You can maximise your tax-efficient savings through a range of Individual Savings Accounts (ISAs) – and the earlier you start, the better.
You can invest up to £20,000 in the 2018/19 tax year under your main ISA allowance using a mix of different types. Each has its own rules including limits, investment vehicles and access.
An ISA is a tax-wrapper through which you can invest in cash, stocks and shares, or a mixture. You don’t pay UK tax on interest earned on cash, or on income or capital gains derived from funds or other investments in a stocks and shares ISA. Nor do you have to include these accounts on a self-assessment form. There are no general restrictions on when you can withdraw funds, but special terms may apply for individual providers – for example with fixed-rate cash ISAs.
Innovative Finance ISAs
This ISA allows investment in peer-to-peer lenders or crowdfunding activities. These may offer attractive interest rates, but be aware that these higher–risk investments are not covered by the Financial Services Compensation Scheme.
You can put up to £4,000 a year into a Lifetime ISA and receive a 25% government-funded bonus, but you must be under 40 when you start. You can contribute until your 50th birthday. The funds can be used to help buy your first home or save for retirement and there are investment and cash options.
If you withdraw funds before the age of 60, and are not buying your first home, there will be a withdrawal charge equivalent to 25% of the amount you withdraw, unless you are terminally ill.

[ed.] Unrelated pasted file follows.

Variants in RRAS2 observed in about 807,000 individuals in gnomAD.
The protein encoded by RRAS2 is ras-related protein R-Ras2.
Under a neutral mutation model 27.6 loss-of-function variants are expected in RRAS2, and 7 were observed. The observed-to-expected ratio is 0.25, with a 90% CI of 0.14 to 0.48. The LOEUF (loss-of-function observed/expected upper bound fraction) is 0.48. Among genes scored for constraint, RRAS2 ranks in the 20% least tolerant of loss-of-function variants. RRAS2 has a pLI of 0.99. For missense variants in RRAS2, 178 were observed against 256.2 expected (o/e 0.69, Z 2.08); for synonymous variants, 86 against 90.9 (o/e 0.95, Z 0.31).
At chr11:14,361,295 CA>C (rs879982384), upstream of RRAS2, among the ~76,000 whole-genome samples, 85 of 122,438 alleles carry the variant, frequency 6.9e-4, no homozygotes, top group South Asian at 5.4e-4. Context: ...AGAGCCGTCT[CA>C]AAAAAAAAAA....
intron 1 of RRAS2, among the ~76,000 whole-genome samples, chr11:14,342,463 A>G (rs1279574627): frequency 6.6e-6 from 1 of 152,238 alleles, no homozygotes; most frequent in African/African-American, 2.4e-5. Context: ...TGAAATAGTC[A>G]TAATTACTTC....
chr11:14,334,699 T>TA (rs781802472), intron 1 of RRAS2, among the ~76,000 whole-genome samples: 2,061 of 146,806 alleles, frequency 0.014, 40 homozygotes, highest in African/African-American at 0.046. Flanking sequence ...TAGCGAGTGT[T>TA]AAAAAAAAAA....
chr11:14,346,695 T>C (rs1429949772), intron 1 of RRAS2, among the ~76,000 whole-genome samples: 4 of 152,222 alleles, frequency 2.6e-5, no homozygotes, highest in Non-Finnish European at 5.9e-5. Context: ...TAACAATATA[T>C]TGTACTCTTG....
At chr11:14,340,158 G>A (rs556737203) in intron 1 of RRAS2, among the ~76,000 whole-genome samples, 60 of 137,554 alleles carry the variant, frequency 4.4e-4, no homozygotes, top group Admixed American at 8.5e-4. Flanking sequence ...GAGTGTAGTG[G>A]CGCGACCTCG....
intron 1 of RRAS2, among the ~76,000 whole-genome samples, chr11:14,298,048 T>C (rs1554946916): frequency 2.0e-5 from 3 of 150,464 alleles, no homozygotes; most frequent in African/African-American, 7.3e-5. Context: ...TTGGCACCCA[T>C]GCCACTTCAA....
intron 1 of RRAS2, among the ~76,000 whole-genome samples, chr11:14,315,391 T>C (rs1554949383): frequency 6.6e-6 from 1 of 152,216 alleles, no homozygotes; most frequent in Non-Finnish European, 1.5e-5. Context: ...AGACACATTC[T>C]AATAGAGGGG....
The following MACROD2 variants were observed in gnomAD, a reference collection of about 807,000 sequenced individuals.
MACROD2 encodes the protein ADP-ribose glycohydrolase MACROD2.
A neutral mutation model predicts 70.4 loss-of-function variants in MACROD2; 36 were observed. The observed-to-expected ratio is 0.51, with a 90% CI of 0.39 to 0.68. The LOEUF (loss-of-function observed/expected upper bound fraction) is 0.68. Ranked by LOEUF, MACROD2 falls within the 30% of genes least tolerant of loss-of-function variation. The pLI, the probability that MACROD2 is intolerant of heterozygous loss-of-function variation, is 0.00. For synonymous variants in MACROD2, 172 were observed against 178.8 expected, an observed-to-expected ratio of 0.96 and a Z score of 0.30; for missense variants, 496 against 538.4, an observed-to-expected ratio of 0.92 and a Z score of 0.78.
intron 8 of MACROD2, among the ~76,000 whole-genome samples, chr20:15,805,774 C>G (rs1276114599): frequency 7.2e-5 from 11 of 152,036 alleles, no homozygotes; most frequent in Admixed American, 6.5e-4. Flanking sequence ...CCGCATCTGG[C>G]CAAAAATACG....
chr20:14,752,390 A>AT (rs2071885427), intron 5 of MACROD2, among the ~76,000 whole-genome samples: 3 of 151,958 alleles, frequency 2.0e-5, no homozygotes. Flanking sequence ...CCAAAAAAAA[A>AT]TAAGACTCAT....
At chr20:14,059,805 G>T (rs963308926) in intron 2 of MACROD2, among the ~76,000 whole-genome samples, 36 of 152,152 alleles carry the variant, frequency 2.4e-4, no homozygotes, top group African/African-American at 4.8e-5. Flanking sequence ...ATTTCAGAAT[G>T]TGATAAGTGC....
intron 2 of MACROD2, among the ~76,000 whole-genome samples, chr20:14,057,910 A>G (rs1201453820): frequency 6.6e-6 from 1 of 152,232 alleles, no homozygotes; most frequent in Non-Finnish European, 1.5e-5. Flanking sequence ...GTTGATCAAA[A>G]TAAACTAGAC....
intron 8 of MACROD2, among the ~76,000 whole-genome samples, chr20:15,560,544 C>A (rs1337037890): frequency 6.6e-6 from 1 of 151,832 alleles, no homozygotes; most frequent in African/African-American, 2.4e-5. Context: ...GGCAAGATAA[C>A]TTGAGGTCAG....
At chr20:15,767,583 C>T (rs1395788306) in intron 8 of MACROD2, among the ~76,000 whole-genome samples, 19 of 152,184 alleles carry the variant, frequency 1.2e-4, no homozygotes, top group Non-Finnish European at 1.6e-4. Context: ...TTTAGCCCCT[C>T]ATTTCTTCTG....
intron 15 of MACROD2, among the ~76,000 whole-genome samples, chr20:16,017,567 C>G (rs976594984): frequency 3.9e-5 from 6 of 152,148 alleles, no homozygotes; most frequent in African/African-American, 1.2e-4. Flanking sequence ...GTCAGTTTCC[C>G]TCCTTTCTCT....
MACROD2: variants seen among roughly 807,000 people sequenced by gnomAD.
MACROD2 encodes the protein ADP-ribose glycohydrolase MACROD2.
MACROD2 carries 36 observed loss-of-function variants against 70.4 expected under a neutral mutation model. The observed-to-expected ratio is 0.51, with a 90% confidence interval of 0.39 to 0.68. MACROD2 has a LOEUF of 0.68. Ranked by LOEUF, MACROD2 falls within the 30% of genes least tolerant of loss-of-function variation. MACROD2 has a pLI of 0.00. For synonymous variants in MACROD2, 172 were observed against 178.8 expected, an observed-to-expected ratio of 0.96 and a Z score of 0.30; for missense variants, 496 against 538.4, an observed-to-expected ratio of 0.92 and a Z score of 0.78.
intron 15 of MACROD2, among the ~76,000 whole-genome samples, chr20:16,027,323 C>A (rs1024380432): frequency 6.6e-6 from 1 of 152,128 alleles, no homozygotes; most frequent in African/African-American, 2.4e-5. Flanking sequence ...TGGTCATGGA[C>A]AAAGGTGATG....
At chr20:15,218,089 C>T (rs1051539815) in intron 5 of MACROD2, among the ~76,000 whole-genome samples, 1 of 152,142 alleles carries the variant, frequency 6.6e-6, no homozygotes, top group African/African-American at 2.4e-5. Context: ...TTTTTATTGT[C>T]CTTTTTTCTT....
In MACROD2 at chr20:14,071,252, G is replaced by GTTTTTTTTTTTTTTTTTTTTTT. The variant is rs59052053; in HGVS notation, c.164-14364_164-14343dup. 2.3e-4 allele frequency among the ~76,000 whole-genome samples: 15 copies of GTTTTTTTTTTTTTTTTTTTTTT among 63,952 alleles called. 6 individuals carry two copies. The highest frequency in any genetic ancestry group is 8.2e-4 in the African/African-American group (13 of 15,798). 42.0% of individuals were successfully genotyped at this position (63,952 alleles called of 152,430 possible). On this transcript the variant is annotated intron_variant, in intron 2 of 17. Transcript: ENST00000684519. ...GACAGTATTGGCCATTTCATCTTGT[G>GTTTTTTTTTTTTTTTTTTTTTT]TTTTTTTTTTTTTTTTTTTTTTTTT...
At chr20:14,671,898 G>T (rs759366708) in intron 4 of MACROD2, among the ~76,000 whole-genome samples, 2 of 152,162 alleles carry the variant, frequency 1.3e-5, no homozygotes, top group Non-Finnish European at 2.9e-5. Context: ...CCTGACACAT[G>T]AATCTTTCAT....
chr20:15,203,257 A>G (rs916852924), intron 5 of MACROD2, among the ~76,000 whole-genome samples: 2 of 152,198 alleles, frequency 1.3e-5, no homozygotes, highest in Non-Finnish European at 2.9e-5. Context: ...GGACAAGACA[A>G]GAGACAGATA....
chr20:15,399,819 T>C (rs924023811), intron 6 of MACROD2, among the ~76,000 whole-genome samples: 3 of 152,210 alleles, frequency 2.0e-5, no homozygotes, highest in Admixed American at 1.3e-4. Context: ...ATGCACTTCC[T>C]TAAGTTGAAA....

Help to Buy ISAs
These cash accounts are for first-time buyers, but you can only open a new one until November 2019. You can save up to £200 a month, and an extra £1,000 in the first month. The government adds a 25% bonus, up to a maximum of £3,000, in addition to any interest earned. There are no age restrictions on starting, but you will lose the bonus if you use the savings for other purposes.
Parents and others can save up to £4,260 tax free for a child, each year. Junior ISAs (JISAs) work in a similar way to regular ISAs, with cash and investment options available. The key difference is that the child cannot withdraw funds until their 18th birthday. At this point they can convert it into a regular ISA.
Contributions to JISAs are in addition to your main ISA allowance. It’s a great way to help a child build up assets for the future.
Please contact Matthew Bromley, Chartered Financial Planner at Cowgills Wealth Management for further advice or to discuss your situation.
The value of your investment can go down as well as up and you may not get back the full amount you invested.
Past performance is not a reliable indicator of future performance.
Investing in shares should be regarded as a long-term investment and should fit in with your overall attitude to risk and financial circumstances.
Levels and bases of taxation and tax reliefs are subject to change and their value depends on individual circumstances.
The Financial Conduct Authority does not regulate tax advice.
This article is for general guidance only. It provides an outline, and may not include points which are important to your situation. You should not depend on this blog without taking advice based on the full facts of your case. The information given was correct at the time of publication.